On this (day after the) unofficial last day of summer, I’m making a last-ditch effort to memorialize the final part of my summer reading effort. I’m already on the verge of forgetting everything I loved and despised about these books, because I just started my first semester of vet school. It’s only the beginning of my second week, but my routine–and frankly, my entire lifestyle–has been upset. I’m glad for it, because this is the kind of upset that’s going to change me for the better, but it does mean that my priorities have shifted. Oh, the time I once devoted to reading! Where has it gone?! In reality, it’s only been one week, but a week ago feels like a lifetime ago.
If we were having coffee, mine would be shockingly strong. I need something to wake me up, because I’m emotionally and energetically drained. I would put on my best bright-eyed and bushy-tailed mask, and try to escape my state of mind. Your company would cheer me up, and bring a sincere, unaffected smile to my face. Talking to someone instead of turning my thoughts over endlessly inside my own head would be a welcome change. Read more
If we were having coffee, I would probably be having tea. I would share this sunny patio spot with you, an overflowing bowl of toothsome, sweet White Lady peaches between us. I wouldn’t be very gregarious this morning, because I’ve been a little low. We would be sitting across from each other, enjoying each other’s presence, but our chairs would be angled slightly, releasing the tension from our open circle. I hope you would be happy to simply lean back and close your eyes, savoring the invigorating dance of the sun on your skin after so much rain. I heard there are more storms on the way.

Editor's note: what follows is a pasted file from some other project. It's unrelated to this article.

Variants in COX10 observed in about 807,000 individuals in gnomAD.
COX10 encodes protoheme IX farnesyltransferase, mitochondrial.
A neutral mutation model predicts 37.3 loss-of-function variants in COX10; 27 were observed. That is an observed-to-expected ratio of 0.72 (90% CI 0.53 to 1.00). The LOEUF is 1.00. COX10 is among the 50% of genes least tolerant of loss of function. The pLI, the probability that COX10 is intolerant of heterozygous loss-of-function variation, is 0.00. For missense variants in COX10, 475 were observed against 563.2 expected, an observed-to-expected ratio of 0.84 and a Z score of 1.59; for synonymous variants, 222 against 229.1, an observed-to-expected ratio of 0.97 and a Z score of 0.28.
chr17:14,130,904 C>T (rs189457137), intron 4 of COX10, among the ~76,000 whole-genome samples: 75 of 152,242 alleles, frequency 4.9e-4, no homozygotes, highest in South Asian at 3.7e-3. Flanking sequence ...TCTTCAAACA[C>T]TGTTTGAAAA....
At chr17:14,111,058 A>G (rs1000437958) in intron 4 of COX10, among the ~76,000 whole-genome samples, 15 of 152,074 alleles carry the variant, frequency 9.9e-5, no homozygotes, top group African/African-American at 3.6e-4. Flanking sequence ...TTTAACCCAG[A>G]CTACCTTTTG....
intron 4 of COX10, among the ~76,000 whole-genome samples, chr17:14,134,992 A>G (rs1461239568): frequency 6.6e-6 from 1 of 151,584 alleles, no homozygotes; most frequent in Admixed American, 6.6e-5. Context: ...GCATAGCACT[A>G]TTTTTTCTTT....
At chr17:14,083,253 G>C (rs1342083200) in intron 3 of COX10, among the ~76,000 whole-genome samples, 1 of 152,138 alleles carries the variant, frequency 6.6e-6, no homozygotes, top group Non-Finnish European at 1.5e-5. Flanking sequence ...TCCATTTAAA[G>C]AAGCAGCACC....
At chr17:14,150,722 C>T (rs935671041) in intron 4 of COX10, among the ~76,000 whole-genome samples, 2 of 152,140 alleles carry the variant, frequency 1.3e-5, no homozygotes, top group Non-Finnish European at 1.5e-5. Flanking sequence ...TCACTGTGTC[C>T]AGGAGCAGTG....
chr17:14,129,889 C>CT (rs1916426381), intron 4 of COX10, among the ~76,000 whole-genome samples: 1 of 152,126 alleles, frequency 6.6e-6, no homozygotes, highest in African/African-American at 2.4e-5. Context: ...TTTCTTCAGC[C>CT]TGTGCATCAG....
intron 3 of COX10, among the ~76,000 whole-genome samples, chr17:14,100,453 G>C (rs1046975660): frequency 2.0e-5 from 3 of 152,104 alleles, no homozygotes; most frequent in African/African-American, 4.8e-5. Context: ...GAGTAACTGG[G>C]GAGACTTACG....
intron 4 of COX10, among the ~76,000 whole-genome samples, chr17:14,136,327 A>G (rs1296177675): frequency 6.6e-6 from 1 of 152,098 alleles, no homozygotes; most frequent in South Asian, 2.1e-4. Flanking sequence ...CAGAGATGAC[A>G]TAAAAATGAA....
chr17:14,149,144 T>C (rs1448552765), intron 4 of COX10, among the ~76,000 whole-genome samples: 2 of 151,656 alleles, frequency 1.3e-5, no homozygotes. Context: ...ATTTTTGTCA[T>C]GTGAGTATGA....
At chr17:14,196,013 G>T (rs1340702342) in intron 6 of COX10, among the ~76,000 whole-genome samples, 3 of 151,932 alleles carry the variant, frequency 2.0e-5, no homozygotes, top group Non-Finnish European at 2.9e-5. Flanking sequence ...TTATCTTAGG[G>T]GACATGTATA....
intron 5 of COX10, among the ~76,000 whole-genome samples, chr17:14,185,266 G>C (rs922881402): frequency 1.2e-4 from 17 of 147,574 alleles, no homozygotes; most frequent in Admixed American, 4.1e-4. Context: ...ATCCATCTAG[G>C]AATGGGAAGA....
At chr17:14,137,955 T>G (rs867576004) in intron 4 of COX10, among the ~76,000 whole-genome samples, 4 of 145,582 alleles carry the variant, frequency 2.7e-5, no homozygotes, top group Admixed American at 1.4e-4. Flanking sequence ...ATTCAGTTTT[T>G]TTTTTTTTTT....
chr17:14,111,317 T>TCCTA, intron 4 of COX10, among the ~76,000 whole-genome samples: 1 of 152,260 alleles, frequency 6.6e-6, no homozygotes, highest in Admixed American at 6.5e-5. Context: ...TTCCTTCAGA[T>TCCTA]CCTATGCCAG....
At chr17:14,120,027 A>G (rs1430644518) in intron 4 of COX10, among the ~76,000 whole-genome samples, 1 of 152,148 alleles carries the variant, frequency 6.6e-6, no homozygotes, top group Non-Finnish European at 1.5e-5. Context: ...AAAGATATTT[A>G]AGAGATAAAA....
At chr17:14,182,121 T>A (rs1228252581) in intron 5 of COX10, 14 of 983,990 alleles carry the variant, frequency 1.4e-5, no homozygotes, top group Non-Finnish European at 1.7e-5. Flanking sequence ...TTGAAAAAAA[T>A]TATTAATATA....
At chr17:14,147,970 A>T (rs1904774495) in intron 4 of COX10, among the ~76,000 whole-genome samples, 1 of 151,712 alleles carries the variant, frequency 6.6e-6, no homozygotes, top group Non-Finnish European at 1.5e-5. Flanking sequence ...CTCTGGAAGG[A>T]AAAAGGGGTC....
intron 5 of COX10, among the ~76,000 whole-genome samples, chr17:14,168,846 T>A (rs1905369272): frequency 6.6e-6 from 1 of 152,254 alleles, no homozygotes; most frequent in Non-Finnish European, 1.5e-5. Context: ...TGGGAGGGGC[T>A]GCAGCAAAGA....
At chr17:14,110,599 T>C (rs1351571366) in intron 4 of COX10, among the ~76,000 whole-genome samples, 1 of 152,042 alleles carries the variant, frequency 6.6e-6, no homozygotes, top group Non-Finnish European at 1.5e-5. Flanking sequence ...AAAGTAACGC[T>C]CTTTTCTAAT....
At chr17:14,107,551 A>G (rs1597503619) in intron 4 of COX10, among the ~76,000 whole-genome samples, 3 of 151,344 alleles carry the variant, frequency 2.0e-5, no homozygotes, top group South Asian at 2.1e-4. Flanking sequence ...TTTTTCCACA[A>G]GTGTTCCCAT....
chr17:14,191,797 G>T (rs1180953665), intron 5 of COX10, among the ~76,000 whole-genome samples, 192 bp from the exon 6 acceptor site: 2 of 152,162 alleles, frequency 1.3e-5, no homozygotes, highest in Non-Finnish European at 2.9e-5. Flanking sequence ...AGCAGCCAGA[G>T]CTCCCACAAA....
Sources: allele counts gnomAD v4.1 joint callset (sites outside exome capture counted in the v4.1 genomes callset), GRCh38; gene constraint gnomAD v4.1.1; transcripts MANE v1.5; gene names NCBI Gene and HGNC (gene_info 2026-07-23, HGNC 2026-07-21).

The Remains of the Day has been recommended to me over and over again. Finally, when I saw it at my favorite used book store, I picked it up and shelved it. Somehow, the book never made it to the top of my reading list, though. Despite my affinity for Downton Abbey and all manner of British period pieces, it seemed too blatantly Anglophilic for me. I don’t enjoy reading just anything written about British people, but I do appreciate that uniquely British pairing of scathing humor with unnatural, almost illogical, stoicism. That’s why I enjoy Evelyn Waugh’s books, for example, or the lovely gem that is William Boyd’s Any Human Heart—one of my favorite reads of the year. In more ways than I had expected, Kazuo Ishiguro’s book was different from my usual fare.
We live our lives, do whatever we do, and then we sleep—it’s as simple and ordinary as that. A few jump out of windows or drown themselves or take pills; more die by accident; and most of us, the vast majority, are slowly devoured by some disease or, if we’re very fortunate, by time itself. There’s just this for consolation: an hour here or there when our lives seem, against all odds and expectations, to burst open and give us everything we’ve ever imagined, though everyone but children (and perhaps even they) knows these hours will inevitably be followed by others, far darker and more difficult. Still we cherish the city, the morning; we hope, more than anything, for more.Michael Cunningham, The Hours
It’s 9 pm on Thursday evening, and I’ve just done something I haven’t done for a very long time. I read an entire book today. I woke up, having finished reading Call the Midwife last night, and sat down at the foot of my bed to pick another book. I reached for The Hours, opened it, and looked up 30 pages later like I had just awoken from a dream. My own surroundings seemed strange, because I had been so completely invested in what this book laid out before me that the story seemed, momentarily, more real than my own existence.